Don’t ask us for sources, but we have a general recollection of people arguing in defense of Mother Gothel’s actions in Tangled by invoking the “it’s not fair that they took that flower and boiled it just to save a monarch” argument. We thought it might be immense fun to use that as a jumping off point to talk about all of the ethical issues of the Sun’s Gift in Tangled that we could think of. Yeeeeey.
1. Who is worth boiling a magical flower for?
The movie doesn’t tell us much, but what we have is that the Queen is beloved by her people, and that they all, citizens and guards alike, went out looking for this legendary healing flower in hopes of saving her. We also see them dig the flower up carefully, so their initial intent wasn’t to just kill it. It seems implied that they could have saved her using the song that Gothel (for reasons unknown) knows how to use, but because she was hoarding the flower for herself their only option was to make Sun’s Gift tea.
The bonus material on our DVD shows the first storybook opening of the movie being a lot closer to Rapunzel the fairy tale, where a man goes three times to the witch next door asking for her greens for his pregnant wife, which she denies. Finally he just steals them, and the witch severely overreacts and steals the child as punishment. In the Tangled version it wasn’t just lettuce, but the flower. It would be a lot more complicated if they’d kept it like this, because while we would be able to understand the King’s desperation to save his wife and we would likely feel that Gothel was being a bit ridiculous by not just singing the song for the Queen, we would still be able to see it from Gothel’s point of view.
The final version of the story’s opening clearly depicts this flower as just a gift in general, not Gothel’s property, not on Gothel’s land, and why she wouldn’t just alert the kingdom to its presence so that it could be protected and used for things besides her own personal fountain of youth helpfully adds to our villain’s demonstrable selfishness.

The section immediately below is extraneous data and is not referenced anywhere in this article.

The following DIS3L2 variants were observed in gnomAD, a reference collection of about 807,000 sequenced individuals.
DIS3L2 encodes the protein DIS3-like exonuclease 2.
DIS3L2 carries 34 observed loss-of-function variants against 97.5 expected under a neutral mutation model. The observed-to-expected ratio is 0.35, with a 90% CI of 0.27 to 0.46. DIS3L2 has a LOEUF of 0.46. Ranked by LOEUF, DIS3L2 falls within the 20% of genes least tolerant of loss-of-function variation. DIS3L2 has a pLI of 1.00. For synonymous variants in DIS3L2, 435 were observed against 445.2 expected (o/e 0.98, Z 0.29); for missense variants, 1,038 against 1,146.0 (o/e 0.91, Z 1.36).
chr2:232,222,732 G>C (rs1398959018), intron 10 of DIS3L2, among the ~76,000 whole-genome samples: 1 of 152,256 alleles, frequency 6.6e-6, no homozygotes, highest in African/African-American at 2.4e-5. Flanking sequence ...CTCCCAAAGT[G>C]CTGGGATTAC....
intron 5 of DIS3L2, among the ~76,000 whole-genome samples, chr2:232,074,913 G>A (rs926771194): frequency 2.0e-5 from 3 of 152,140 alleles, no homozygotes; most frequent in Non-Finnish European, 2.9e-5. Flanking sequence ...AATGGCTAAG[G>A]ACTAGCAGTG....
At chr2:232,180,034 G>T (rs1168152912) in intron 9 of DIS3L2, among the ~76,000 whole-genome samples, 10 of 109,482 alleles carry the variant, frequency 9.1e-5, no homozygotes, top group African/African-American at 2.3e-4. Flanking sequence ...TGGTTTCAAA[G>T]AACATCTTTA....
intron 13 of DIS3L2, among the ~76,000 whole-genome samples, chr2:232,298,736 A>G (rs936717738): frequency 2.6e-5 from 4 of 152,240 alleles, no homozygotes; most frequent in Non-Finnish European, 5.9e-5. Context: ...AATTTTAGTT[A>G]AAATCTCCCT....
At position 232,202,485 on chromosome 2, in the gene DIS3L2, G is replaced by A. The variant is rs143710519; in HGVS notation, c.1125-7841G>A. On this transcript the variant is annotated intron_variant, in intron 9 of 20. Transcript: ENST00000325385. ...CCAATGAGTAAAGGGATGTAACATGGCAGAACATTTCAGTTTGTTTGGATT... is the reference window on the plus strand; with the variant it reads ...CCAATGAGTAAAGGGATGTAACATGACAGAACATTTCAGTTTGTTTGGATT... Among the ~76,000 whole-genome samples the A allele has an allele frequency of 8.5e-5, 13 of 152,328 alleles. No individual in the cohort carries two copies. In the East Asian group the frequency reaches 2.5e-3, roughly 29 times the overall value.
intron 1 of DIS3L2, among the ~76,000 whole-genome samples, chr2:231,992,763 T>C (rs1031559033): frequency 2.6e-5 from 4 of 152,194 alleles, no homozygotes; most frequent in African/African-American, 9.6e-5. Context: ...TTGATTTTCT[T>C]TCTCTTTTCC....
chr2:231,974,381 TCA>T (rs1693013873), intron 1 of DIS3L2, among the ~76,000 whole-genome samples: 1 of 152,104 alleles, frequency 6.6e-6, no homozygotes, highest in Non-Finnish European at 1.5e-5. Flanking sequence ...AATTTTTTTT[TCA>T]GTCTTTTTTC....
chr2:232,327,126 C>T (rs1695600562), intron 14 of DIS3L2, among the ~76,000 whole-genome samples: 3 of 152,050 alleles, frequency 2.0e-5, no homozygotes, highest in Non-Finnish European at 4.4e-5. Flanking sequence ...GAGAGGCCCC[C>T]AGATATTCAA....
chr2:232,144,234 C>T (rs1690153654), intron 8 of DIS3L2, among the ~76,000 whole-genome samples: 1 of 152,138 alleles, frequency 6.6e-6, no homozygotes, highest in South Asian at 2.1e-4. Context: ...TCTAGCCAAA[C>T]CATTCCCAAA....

In any case, stealing the child and manipulating her into staying in a tower forever is not justifiable. Sorry.
Now let’s talk about that monarchy thing. Disney gets a lot of flack for being Princess-saturated because monarchism is problematic, to say the least. We think this is unfair because Disney Princessdom is reserved not only for bona fide princesses (otherwise Kida and Eilonwy would be in that lineup) but for strong heroines like Mulan and Pocahontas (Pocahontas may count as a bona fide princess – it’s a “your mileage may vary” thing. But Mulan isn’t one). We’d argue that the abundance of princesses in the Disney canon isn’t about endorsing the monarchy but rather metaphorically exploring female empowerment. Sometimes. OK maybe that’s a bit of a stretch, but we can talk about that some other day.
The point for now is, who is worth sacrificing this flower for? Remember that Tangled is perfectly happy to talk about sacrifice – we have a lot of that going on in the third act. Rapunzel tells Gothel that she will go with her, willingly, as long as she’s allowed to heal Eugene, and Eugene tries to talk her out of it and finally just cuts her hair, choosing death rather than allowing her to be exploited forever. Because of this heaviness in the third act we don’t think it’s reaching to suggest that the sacrifice of the flower in the opening is a little more thought out than just, “Well, obviously you do whatever to save the Queen.” It’s more about understanding that sometimes you have to sacrifice things – important things, things others might not be prepared to or willing to or in favour of sacrificing – because life is complicated but you should still try to be good, and try to do right by the people you care about. See also Frozen. And Princess and the Frog. And Big Hero 6. And Wreck-It Ralph. Zootopia has a different message. But Moana will maybe continue this theme.